I left Fukuoka today three weeks ago, and it has taken me this entire time to feel that Sydney could be home again.
When I left for Japan almost exactly a year ago, I did not expect for Japan to twist itself so deeply within my psyche. Not just the people I managed to meet and befriend in Japan, but the lifestyle, the weird mix of convenience and tradition, the food, everything became an integral part of who I am. Maybe it was because it was the first time I had ever lived by myself without the support of family, but for the first time in my life, I was one hundred percent independent. And maybe this independence is what made living in Fukuoka so much more than living in Sydney.
I still think exchange was a two part experience for me, but I think that only added to my life overseas, and gave me an opportunity to try and feel and think about more things than if it had been one cohesive unit.
At the same time, with all the travelling that I managed to do during my time in Japan came a realisation that I did not just love Japan for just its pop culture or its fashion or whatever I had picked up over the years watching anime. I loved Japan for its people and its culture, for its traditions, its legends, its beliefs, and its contradictions. The kindness that its people showed to strangers, and its rejection of foreigners for fear of damaging their culture. Their respect for their own ancestry and their customs that help them pay their respects to their heritage. Their pursuit for innovation and technology while their society still relies on paperwork and cash as a foundation. The way that everything was built for maximum efficiency, but the people working it could be the slowest workers in the world.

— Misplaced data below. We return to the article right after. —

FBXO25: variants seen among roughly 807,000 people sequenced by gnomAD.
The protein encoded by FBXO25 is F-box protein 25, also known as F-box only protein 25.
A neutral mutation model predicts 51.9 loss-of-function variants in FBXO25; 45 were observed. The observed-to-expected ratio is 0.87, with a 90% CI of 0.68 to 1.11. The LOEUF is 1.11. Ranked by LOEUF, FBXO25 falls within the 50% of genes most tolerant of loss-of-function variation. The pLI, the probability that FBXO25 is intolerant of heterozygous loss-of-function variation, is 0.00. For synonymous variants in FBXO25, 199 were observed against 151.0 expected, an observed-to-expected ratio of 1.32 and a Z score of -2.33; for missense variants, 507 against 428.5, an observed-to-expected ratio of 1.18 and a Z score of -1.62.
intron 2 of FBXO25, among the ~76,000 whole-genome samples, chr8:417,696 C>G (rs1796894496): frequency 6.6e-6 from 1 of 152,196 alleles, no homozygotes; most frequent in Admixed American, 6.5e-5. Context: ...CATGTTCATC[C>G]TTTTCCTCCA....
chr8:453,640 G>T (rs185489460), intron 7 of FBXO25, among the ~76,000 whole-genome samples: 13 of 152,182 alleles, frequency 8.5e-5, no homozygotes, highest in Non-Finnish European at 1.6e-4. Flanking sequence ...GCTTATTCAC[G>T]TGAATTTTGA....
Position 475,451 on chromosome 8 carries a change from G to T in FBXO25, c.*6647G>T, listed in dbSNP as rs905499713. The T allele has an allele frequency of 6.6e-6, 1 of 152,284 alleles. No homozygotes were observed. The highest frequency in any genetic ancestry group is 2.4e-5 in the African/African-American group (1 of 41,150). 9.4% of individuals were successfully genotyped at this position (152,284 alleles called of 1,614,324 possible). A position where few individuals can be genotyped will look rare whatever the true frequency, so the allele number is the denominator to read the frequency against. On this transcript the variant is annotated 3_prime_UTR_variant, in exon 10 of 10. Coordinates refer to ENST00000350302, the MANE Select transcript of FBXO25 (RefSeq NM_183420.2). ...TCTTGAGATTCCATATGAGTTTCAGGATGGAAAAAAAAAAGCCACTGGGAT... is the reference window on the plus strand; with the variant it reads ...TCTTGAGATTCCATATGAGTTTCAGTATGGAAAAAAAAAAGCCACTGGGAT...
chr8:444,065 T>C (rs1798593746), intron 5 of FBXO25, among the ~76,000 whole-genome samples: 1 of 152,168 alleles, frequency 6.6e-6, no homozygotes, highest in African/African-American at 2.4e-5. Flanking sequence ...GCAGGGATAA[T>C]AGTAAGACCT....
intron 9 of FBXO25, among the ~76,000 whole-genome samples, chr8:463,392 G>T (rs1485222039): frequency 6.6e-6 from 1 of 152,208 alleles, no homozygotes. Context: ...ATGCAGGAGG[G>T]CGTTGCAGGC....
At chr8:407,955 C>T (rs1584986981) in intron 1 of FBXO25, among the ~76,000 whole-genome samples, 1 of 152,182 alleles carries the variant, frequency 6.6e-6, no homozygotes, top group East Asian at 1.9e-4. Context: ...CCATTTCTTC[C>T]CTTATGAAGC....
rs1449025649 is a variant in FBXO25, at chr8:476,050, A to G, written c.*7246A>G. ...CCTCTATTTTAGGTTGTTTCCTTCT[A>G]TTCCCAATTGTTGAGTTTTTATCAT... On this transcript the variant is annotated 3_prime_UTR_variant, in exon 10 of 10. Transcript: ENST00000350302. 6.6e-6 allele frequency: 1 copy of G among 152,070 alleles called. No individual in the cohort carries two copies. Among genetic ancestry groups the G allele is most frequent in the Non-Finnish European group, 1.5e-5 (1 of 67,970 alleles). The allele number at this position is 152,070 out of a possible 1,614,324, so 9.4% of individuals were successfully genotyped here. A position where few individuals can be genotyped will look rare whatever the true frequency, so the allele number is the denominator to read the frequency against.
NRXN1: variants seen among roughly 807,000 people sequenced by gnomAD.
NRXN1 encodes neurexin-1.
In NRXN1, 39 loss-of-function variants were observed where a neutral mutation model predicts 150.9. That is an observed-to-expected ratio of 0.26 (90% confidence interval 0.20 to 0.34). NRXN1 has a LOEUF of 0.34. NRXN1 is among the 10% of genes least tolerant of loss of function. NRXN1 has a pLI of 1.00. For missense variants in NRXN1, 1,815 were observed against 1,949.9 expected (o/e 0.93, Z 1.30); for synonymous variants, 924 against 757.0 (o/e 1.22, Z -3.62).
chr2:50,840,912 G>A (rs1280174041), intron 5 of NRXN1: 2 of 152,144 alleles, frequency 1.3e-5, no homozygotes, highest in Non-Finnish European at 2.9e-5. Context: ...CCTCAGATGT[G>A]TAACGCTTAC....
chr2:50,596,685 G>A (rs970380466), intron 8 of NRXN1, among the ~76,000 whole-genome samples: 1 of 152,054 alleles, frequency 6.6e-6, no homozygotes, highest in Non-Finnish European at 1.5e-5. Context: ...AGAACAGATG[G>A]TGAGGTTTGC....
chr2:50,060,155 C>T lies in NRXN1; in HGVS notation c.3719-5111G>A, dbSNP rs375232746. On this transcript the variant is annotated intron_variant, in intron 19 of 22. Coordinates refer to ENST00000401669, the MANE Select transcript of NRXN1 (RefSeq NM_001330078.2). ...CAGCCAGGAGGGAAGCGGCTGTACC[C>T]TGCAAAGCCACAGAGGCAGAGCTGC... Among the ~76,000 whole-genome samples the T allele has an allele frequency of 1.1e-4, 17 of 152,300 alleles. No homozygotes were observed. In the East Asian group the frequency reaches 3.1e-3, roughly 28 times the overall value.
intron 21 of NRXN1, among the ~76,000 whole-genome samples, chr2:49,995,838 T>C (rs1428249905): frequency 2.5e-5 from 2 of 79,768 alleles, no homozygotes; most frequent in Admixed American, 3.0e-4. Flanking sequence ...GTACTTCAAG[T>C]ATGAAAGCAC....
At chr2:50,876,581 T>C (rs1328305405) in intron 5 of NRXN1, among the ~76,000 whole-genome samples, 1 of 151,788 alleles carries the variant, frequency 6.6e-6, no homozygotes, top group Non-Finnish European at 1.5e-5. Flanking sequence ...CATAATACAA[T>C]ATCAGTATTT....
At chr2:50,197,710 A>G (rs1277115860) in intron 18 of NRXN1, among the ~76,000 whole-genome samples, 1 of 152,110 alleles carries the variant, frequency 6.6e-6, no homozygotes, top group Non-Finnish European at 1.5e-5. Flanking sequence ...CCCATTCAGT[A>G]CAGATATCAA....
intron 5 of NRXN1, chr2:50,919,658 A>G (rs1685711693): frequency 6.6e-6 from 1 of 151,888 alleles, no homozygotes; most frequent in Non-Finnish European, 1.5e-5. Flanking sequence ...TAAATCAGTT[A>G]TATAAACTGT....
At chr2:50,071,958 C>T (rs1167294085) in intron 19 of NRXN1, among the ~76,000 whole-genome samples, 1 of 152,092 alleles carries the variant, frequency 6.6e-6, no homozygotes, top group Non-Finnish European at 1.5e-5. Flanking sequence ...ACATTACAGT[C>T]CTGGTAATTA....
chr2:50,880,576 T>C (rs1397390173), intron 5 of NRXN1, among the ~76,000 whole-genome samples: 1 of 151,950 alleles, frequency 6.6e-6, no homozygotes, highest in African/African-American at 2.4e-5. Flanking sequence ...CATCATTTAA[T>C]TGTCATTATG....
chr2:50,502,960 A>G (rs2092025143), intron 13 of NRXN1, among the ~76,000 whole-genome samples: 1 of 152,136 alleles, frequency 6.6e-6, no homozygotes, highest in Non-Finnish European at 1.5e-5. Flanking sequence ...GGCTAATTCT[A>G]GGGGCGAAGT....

And with all my observations of Japanese culture came also observations and realisations of my own culture and ancestry. Observations about the current state of mind in China, within the Chinese people. Strengthened beliefs about why Hong Kong will never really see itself as part of China. Realisations that Australian national pride comes in the form of telling everyone about how terrible Australia is and being proud of how terrifying Australia seems to everyone else in the world.
But in the end, any sort of self discovery about my own heritage was eclipsed by the love I found for the Japanese way of life, and way of thinking, and way of doing. I felt nothing walking through Fukuoka airport, until the plane started to move, and the workers bowed and waved the plane off, and I realised that this was the end of my year in Japan.
I would like to say that I didn’t cry, but at least I didn’t breakdown.
And for now, I’ll just keep dreaming in Japanese, until I’ve worked enough and saved enough money for me to go home.